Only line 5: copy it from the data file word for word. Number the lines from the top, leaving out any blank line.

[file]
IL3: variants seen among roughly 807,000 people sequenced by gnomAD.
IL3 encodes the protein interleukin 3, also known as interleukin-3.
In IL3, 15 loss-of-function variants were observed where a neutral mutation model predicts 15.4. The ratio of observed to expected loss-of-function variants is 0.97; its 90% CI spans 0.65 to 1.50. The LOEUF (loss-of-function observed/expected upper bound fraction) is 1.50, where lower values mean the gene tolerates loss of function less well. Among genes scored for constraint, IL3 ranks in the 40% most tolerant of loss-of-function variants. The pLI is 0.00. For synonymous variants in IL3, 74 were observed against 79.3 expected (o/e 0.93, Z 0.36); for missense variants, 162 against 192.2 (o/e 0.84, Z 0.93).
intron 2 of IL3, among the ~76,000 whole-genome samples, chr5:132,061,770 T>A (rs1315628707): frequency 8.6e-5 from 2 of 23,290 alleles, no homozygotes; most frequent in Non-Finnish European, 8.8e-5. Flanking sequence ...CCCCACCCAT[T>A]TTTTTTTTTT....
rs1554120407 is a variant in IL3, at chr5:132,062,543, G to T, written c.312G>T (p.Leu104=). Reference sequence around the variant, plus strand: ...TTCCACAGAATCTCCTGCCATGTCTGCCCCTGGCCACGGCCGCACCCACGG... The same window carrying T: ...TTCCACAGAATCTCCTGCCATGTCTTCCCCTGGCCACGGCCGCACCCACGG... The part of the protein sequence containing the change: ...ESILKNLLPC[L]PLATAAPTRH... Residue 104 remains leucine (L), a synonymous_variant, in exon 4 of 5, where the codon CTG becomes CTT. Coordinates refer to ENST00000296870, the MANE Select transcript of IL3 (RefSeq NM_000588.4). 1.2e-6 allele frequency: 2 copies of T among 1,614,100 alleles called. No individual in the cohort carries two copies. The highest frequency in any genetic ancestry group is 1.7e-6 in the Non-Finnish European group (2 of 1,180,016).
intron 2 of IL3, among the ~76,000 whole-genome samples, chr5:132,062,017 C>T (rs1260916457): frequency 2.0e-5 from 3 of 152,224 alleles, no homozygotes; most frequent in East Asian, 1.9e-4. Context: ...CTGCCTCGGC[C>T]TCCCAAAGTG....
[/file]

rs1554120407 is a variant in IL3, at chr5:132,062,543, G to T, written c.312G>T (p.Leu104=). Reference sequence around the variant, plus strand: ...TTCCACAGAATCTCCTGCCATGTCTGCCCCTGGCCACGGCCGCACCCACGG... The same window carrying T: ...TTCCACAGAATCTCCTGCCATGTCTTCCCCTGGCCACGGCCGCACCCACGG... The part of the protein sequence containing the change: ...ESILKNLLPC[L]PLATAAPTRH... Residue 104 remains leucine (L), a synonymous_variant, in exon 4 of 5, where the codon CTG becomes CTT. Coordinates refer to ENST00000296870, the MANE Select transcript of IL3 (RefSeq NM_000588.4). 1.2e-6 allele frequency: 2 copies of T among 1,614,100 alleles called. No individual in the cohort carries two copies. The highest frequency in any genetic ancestry group is 1.7e-6 in the Non-Finnish European group (2 of 1,180,016).